© 2017 by Susan Treadwell. Created with Wix.com

Required vs. Inspired: How To Create A Meaningful Summer

April 29, 2019

 

Summer. It’s a season, and a state-of-mind. And it means something different to every high school student.

 

Modern college admissions changed the way teens spend their summers. (Just ask anyone who grew up before Activities Lists became a thing.)

 

Today, teens often contort themselves into virtual pretzels, loading up on summer activities they think will “look good” on applications. Or they feel pressure to spend money on experiences that are meant to impress.

 

If this is you – stop. There is a better way.

 

Depending on your needs, summer is the time to get involved in opportunities that will serve you when applying for college. But it’s important to commit to activities that inspire you on some level.

 

First, take stock of your goals. For example, if you plan to get a job and earn money, explore the different kinds of work available in your area.

 

Last year, one of my students who plans to major in Environmental Science, found a job on an organic farm dedicated to community outreach. She enjoyed collaborating with a team while doing physical work in the glorious summer sunshine! Another student interned at a law firm where he performed research related to immigration law. In both cases, they followed their natural interests, and gained real-world learning experiences.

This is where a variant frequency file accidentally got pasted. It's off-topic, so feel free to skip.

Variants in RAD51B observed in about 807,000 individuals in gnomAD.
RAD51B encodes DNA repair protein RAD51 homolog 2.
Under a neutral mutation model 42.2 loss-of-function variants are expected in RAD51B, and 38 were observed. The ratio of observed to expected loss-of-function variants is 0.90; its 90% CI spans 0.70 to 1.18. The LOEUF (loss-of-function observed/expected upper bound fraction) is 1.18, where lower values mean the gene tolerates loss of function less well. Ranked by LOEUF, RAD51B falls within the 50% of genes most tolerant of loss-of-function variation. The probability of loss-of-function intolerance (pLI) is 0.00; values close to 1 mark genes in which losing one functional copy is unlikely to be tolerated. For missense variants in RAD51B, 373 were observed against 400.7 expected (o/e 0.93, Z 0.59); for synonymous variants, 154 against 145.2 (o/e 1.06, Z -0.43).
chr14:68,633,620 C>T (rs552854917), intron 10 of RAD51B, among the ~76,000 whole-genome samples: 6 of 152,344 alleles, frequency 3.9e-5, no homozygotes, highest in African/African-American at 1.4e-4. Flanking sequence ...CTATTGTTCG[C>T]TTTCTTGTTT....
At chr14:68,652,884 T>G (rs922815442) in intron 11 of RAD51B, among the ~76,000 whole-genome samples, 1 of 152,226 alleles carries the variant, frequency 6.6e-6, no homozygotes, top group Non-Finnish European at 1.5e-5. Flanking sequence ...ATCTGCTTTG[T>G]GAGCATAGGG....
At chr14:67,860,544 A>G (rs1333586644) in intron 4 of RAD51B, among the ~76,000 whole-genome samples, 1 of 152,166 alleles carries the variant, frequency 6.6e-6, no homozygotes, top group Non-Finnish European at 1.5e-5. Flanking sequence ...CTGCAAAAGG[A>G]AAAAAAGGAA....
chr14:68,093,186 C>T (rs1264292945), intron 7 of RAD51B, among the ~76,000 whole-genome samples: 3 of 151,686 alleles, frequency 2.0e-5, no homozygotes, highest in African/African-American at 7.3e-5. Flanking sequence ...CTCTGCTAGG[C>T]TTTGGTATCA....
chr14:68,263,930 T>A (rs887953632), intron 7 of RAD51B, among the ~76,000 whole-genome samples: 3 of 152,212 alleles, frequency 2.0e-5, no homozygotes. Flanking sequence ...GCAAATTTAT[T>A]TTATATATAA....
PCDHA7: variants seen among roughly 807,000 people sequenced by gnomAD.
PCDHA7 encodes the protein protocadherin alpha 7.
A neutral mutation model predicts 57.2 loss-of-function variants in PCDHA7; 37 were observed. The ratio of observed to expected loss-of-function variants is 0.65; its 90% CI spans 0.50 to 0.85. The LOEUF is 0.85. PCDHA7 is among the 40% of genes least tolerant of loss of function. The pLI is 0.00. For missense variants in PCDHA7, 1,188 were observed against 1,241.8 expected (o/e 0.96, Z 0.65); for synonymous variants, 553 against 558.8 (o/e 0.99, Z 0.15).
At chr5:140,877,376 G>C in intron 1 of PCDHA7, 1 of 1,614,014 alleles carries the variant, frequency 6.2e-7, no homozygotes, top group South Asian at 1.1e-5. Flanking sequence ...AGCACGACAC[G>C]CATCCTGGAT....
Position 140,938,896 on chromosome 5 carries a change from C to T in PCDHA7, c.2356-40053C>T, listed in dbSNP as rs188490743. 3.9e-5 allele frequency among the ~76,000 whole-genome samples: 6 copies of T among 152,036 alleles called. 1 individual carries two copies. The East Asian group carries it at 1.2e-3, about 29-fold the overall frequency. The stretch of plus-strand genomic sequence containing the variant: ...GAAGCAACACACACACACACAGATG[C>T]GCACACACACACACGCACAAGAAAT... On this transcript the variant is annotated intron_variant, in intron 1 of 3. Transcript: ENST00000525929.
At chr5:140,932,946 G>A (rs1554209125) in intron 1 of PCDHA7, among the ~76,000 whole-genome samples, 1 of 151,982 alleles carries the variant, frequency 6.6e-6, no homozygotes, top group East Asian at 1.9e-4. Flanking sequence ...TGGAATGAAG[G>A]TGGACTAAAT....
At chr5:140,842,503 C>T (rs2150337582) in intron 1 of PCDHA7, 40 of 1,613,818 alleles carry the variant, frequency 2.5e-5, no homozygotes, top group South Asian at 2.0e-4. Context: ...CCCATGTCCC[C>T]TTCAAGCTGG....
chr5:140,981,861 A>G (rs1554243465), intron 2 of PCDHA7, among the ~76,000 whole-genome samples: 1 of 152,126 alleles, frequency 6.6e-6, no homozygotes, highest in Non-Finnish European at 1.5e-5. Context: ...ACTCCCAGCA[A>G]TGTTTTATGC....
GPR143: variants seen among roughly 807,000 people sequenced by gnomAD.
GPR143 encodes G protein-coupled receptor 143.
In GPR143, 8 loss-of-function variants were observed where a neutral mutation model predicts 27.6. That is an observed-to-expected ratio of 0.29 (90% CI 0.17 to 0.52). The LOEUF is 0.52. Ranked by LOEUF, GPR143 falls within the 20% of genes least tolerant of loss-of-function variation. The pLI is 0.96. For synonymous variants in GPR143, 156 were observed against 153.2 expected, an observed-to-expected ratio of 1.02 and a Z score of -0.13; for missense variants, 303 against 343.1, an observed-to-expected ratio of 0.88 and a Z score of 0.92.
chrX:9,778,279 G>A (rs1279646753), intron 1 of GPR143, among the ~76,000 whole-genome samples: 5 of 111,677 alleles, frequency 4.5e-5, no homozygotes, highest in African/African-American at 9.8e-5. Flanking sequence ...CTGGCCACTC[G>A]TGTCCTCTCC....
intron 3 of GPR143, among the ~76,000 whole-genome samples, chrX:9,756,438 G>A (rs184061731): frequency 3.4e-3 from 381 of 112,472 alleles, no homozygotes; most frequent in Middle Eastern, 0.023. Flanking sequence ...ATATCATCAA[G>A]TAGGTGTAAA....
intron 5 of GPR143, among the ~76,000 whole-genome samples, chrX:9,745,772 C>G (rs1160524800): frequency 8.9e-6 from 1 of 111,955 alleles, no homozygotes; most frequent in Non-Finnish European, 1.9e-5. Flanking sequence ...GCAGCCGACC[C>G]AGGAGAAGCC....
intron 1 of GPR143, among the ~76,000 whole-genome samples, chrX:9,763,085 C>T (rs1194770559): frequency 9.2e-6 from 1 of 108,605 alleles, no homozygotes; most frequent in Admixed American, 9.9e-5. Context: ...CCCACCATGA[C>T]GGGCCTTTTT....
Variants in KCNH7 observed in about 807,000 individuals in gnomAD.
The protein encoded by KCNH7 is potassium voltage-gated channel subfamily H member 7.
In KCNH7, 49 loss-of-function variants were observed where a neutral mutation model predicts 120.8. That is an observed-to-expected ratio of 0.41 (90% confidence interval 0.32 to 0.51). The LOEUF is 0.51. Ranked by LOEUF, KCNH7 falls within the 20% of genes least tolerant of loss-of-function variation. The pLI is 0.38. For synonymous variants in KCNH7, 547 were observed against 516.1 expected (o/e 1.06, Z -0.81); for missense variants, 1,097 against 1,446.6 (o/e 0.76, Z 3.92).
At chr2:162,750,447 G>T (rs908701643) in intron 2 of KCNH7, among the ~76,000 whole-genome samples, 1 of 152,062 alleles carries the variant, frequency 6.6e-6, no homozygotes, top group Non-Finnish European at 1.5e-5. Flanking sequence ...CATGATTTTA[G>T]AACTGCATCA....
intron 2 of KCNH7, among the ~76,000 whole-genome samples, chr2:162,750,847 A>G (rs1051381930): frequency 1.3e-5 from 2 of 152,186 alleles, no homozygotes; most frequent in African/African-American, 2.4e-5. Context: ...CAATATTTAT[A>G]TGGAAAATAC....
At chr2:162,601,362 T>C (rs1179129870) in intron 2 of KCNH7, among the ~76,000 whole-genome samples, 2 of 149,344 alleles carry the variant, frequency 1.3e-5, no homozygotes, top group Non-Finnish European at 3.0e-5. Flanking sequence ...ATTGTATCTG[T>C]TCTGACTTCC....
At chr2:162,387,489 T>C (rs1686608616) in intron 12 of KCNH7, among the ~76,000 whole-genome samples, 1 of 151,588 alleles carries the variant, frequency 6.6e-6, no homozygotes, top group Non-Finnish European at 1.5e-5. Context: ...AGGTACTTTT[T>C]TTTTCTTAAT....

Use the following list to jumpstart ideas for a meaningful summer – one that makes sense for you.

 

  • Job

  • Internship (paid/unpaid)

  • Volunteering

  • School, academic summer programs

  • Camp

  • Sports, Arts

  • Community engagement

  • Travel

  • Creative passions and projects

  • Family responsibilities (tutoring, babysitting, elder care)

 

How To Find Jobs and Internships

 

The best way to find jobs and internships is to be proactive.  Get comfortable talking about your areas of interest to everyone in your orbit.

 

Do you want to be involved with a nonprofit that values social justice? Or work for a business where you can sharpen your social media marketing skills? Make some basic decisions, and then cast your fishing line into a sea of possibilities. You can connect with:

 

  • School counselors, teachers, mentors

  • Public libraries

  • Friends and family

  • Online search engines

  • Youth centers

  • Nonprofit organizations

  • Resource fairs/hiring events

  • Businesses

  • City/County Employment Centers

 

Summer is a time to re-group, explore and try new things. A time to grow and learn more about yourself, and others. Keep a journal! Your reflections will come in handy when it's time to write college essays. 

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